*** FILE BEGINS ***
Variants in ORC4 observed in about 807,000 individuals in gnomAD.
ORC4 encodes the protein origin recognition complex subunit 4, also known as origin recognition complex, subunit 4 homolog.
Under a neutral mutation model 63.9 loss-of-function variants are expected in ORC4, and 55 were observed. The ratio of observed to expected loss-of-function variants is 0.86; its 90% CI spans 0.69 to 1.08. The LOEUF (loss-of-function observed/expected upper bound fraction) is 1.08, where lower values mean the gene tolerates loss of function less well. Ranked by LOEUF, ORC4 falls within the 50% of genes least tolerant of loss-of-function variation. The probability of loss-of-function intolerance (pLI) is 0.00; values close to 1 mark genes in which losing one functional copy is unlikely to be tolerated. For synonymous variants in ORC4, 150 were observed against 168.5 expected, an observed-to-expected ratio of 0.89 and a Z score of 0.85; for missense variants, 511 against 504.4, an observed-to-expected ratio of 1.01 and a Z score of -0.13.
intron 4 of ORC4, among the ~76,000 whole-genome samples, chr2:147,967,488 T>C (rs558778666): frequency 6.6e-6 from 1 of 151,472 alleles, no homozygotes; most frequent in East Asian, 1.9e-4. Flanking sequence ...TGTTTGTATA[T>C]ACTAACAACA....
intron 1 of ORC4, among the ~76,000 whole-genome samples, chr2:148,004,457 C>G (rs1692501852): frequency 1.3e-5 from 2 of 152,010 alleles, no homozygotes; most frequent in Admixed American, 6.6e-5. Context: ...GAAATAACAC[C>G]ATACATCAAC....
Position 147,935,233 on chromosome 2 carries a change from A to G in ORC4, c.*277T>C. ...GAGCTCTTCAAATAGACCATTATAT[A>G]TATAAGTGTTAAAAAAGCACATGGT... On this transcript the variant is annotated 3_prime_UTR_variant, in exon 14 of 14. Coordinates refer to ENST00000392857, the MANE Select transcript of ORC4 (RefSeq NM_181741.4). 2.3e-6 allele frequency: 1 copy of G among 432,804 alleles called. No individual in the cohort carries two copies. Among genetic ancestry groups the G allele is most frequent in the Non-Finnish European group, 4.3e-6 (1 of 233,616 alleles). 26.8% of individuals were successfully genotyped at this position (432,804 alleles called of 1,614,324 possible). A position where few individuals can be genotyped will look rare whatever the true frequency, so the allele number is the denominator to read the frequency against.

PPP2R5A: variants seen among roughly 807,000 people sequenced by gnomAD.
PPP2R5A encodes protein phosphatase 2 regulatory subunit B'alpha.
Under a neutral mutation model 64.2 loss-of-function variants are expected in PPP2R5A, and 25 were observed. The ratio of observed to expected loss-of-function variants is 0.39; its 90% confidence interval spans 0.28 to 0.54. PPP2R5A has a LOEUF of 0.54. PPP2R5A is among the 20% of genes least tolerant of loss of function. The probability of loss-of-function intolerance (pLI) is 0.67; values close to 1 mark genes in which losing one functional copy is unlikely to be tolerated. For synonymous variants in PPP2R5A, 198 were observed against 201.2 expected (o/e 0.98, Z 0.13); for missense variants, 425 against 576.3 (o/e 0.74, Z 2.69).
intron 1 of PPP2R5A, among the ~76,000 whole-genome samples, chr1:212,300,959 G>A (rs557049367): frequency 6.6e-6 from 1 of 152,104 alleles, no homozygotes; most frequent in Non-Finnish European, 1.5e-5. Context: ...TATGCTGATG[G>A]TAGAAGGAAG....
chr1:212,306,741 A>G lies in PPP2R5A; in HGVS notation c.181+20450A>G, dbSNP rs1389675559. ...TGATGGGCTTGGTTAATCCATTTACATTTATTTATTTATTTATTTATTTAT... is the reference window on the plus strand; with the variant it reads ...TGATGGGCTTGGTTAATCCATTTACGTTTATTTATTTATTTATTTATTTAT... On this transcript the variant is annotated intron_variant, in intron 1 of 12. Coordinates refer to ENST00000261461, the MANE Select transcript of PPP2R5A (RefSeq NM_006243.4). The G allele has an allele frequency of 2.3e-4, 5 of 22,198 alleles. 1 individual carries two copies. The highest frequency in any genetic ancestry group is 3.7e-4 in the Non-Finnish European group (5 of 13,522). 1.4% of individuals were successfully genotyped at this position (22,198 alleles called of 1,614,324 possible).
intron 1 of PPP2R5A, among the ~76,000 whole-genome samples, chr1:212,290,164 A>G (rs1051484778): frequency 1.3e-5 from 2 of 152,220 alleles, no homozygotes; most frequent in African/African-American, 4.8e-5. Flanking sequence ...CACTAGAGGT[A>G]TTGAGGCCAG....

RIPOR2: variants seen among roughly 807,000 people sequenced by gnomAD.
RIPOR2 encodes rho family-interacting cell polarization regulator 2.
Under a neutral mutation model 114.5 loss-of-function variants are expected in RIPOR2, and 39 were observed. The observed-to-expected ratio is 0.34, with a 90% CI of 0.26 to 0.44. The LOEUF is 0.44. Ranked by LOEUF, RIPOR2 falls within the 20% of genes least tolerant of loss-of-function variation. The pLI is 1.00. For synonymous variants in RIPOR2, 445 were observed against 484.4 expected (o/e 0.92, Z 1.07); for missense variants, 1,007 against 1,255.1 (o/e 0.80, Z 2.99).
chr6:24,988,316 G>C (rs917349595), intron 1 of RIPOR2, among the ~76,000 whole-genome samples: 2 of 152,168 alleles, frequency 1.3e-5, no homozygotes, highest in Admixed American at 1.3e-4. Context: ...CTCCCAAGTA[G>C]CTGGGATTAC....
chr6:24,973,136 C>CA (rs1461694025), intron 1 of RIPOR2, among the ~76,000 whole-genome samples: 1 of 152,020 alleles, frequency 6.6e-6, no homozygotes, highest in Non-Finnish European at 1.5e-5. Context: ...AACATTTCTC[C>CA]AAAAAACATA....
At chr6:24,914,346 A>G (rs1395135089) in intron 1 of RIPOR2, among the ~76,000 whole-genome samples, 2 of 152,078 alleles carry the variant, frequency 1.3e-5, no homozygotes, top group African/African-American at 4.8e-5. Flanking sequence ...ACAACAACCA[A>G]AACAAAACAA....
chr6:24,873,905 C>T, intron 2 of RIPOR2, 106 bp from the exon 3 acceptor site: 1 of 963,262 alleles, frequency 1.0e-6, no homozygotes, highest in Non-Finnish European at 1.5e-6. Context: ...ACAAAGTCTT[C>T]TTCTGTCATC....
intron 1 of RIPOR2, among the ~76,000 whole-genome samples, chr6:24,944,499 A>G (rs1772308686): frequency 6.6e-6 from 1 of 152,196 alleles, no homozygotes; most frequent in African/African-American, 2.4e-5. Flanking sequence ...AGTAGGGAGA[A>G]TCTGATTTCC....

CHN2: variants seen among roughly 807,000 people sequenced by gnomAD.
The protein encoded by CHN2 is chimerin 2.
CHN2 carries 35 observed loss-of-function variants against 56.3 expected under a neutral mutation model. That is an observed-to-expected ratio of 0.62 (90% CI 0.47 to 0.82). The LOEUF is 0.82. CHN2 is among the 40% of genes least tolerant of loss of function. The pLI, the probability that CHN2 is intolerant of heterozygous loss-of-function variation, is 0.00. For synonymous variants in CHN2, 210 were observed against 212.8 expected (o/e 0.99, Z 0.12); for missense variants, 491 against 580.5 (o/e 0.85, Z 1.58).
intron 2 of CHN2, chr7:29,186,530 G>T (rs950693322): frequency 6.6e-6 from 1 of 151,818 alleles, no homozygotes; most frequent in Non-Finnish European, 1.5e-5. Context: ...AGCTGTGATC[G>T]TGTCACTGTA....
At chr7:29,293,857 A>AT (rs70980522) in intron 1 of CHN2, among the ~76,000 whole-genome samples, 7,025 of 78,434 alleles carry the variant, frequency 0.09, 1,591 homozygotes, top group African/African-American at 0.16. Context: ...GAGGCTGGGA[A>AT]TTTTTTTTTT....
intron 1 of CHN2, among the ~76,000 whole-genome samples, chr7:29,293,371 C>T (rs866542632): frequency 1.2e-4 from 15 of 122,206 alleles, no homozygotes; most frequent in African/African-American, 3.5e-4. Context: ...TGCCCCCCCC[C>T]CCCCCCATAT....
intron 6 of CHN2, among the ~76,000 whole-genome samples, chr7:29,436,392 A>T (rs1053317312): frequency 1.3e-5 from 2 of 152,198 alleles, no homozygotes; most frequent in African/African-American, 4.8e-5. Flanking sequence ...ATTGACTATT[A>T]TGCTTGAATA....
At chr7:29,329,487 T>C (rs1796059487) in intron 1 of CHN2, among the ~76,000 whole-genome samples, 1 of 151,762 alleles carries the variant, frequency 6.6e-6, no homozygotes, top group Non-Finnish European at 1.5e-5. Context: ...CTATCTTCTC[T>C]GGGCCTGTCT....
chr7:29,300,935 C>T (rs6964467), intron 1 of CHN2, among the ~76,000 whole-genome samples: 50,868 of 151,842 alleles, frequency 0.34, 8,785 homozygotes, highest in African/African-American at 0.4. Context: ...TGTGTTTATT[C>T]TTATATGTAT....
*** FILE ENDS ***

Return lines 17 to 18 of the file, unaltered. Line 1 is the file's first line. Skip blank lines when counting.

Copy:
chr6:24,973,136 C>CA (rs1461694025), intron 1 of RIPOR2, among the ~76,000 whole-genome samples: 1 of 152,020 alleles, frequency 6.6e-6, no homozygotes, highest in Non-Finnish European at 1.5e-5. Context: ...AACATTTCTC[C>CA]AAAAAACATA....
At chr6:24,914,346 A>G (rs1395135089) in intron 1 of RIPOR2, among the ~76,000 whole-genome samples, 2 of 152,078 alleles carry the variant, frequency 1.3e-5, no homozygotes, top group African/African-American at 4.8e-5. Flanking sequence ...ACAACAACCA[A>G]AACAAAACAA....